Vista Imaging Tool

Do you remember deploying operating systems on computers by creating one test computer for each H/W make,installing all applications on to it , imaging it using Ghost like utilities and then deploying it onto a 100 other computers.
Each time you needed to deploy a different set of applications on certain computers,you needed to preapre a seperate test computer, install applications manually, image it and then deploy it to selected computers.
 
Phoooh! Tedious !
Wasnt it?
Imagine if could have an imaging tool that could allow you to create images independent of the H/W make of the system? Over that , imagine having images that you could just rip open and modify whetever way you liked?What if you could take one image and add or delete applications or folders to it and save it as another image, instead having to create a whole new computer with little diffrences?
 
Ximage   is a your answer!
Yes , Ximage is the new imaging tool introduced by Microsoft In Windows VIsta that allows you to do just all this!
 
Hey! Excited, to see how it works? U must be!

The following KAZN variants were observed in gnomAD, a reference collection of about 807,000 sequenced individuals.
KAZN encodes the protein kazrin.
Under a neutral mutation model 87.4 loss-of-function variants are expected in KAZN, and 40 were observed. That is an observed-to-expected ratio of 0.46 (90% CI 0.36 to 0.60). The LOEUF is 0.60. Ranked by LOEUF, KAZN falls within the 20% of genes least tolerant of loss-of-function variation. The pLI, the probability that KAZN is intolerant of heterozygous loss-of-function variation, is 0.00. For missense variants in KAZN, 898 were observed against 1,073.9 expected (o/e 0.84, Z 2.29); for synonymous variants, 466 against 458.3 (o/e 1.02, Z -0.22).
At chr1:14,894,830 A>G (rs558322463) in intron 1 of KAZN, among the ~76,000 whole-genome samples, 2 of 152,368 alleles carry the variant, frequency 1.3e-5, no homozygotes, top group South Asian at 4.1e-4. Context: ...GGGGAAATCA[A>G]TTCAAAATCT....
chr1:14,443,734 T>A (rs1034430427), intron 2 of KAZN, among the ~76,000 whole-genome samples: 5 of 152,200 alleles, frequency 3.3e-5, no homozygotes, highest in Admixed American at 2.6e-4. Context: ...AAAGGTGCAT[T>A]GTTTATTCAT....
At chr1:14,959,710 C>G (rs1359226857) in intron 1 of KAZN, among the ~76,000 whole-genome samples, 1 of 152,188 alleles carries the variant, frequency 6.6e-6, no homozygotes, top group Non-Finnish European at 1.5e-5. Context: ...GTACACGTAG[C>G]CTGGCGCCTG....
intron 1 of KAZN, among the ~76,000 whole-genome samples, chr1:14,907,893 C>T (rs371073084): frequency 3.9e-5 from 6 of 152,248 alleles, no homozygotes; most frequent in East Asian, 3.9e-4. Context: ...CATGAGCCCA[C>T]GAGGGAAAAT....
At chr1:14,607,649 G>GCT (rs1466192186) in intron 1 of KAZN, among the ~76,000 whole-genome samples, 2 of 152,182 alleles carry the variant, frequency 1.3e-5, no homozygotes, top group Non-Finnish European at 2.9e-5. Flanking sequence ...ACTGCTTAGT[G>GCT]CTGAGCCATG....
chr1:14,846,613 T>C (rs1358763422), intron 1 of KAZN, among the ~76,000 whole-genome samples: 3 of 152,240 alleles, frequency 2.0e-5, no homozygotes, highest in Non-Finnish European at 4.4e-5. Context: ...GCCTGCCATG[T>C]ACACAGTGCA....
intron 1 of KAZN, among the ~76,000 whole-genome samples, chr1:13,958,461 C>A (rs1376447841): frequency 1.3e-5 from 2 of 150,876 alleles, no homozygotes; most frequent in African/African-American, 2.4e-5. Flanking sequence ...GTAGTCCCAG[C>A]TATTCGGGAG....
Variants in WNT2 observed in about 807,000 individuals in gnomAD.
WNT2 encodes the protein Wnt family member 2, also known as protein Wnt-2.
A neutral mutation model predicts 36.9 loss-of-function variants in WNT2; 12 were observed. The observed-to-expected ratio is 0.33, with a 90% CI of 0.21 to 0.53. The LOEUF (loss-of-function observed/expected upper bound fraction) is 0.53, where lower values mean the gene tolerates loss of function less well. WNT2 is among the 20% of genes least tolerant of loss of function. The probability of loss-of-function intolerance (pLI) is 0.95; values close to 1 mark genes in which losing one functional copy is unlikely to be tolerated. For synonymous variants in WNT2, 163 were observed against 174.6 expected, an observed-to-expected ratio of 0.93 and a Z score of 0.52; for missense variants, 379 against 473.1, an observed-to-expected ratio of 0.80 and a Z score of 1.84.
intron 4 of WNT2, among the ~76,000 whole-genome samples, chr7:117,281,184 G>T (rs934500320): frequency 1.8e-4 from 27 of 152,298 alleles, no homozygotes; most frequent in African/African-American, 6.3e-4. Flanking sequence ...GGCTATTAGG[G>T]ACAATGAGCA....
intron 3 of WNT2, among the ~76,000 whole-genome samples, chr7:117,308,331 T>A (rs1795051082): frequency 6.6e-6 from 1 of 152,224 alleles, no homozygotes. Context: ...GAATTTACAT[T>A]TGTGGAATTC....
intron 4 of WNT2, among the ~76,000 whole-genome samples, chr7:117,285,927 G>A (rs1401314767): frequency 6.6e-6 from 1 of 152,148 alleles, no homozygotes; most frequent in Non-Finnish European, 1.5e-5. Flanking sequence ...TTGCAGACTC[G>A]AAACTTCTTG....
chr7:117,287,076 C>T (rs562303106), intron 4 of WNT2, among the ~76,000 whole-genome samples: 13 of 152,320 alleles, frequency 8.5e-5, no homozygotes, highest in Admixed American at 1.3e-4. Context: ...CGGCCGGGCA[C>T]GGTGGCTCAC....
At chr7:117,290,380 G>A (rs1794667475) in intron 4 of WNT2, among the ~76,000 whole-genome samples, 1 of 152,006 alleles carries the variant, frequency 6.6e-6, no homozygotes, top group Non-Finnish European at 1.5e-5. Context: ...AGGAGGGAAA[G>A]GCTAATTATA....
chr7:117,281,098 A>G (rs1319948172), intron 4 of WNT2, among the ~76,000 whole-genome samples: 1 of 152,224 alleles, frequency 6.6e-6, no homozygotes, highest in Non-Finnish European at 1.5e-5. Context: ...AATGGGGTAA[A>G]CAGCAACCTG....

So lets take a look at this tool!
 
It comes in the WIndows Automated Installation toolkit (WAIK) shipped with Windows Vista.
Ximage.exe is a command line tool that allows you to image an entire directory tree or an entire running operating system, and save it in the form of wim file. WIM is the WIndows Image format file that can be mounted on a folder to open and see its contents or can even be modified!
Not only that, you can even store more that one images in the same wim file , yet keeping the size of the file almost same!
Though it is a command line tool, but it has got a no. of arguments or parameters that allow easy operation of this tool.
The wim images created usin ximage are platform independent, and can be modified by mounting them on an existing Windows folder, just like you could add or delete files from a Windows folder!
The /capture option can e used to capture an image , /info can be used to optain info on the file, while /mount and /unmount can be used to mount an unmount the image respectively.
 
So does this idea rock u?
I am sure it would!
So go start using
Ximage!

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